The last Community Attitudes to Road Safety survey showed that 44 percent of NT respondents believed it was acceptable to speed on our roads, for example, by up to lOkm/h in a 60km/h zone. This attitude has to change as safe speed limits are set based on the type of road, traffic volumes and the mix of road users.
Drivers need to adapt their behaviour to meet these varied conditions.
All road users must consider how their road use can positively influence safer driving and riding.
Driving to our capabilities and our vehicles limitations, are among some of the changes to driving behaviour that all drivers and riders can practice.
Public understanding of driver distraction is low and many drivers and riders tend to view distraction as a normal part of driving, ignoring the possible fatal outcome of their choices. Alarmingly, the Towards Zero Forums survey results showed that only 18 percent of drivers reported never using a mobile when driving.
The incidence of distraction as a contributing factor in crashes tends to be under reported, as it is difficult to determine and drivers may not acknowledge that they were distracted at the time.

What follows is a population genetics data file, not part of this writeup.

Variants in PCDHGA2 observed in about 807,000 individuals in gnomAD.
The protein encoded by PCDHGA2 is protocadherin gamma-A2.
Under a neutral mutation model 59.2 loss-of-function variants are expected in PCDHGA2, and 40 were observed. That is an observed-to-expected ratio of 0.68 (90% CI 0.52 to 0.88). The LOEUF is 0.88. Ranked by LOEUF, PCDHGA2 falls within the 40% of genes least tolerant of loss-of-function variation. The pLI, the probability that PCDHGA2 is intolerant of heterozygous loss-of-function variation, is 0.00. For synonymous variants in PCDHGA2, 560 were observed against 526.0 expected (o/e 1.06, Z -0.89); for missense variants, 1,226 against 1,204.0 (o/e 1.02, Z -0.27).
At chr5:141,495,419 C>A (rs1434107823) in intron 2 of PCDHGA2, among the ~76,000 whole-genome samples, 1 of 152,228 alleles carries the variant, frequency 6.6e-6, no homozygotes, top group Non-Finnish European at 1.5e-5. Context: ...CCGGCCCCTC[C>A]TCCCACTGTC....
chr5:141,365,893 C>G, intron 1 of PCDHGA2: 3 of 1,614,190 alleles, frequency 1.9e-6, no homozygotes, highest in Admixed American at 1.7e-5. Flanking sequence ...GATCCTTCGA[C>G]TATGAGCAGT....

1 in 4 fatalities in the Territory are related to
Three quarters of speed related road fatalities occur
in urban environments
Approximately 80% of speed related fatalities
WHAT WE HAVE DONE
• Periodic reviews of speed zones on the Territory road network.
• Speeding, mobile phone and road rule enforcement campaigns.
• Speed and red light cameras at high risk intersections.
• Enforcement through use of mobile speed and
Automated Number Plate Recognition (ANPR)
cameras on Police patrol cars.
WHAT YOU HAVE SAID
• Road Report website and Facebook
• School and community education programs.
• Distribution of educational and trip planning resources to tourism centres (multilingual travel plans).
• Safe driving awareness campaigns that include free vehicle health checks, promotion of safe driving practices, and sharing the road safely with heavy vehicles.
"Research shows that a 5 percent increase in speed leads to a 15 percent increase in serious injury crashes and a 22 percent increase in fatal crashes." - Royal Australasian College of Surgeons.
"This one is hard. I try my best to stick to speed limits. I feel the pressure to speed, as it seems everyone passes you while doing the limit, or tailgates you. I think obvious cameras would he/p to keep people within the limit." - Towards Zero survey response.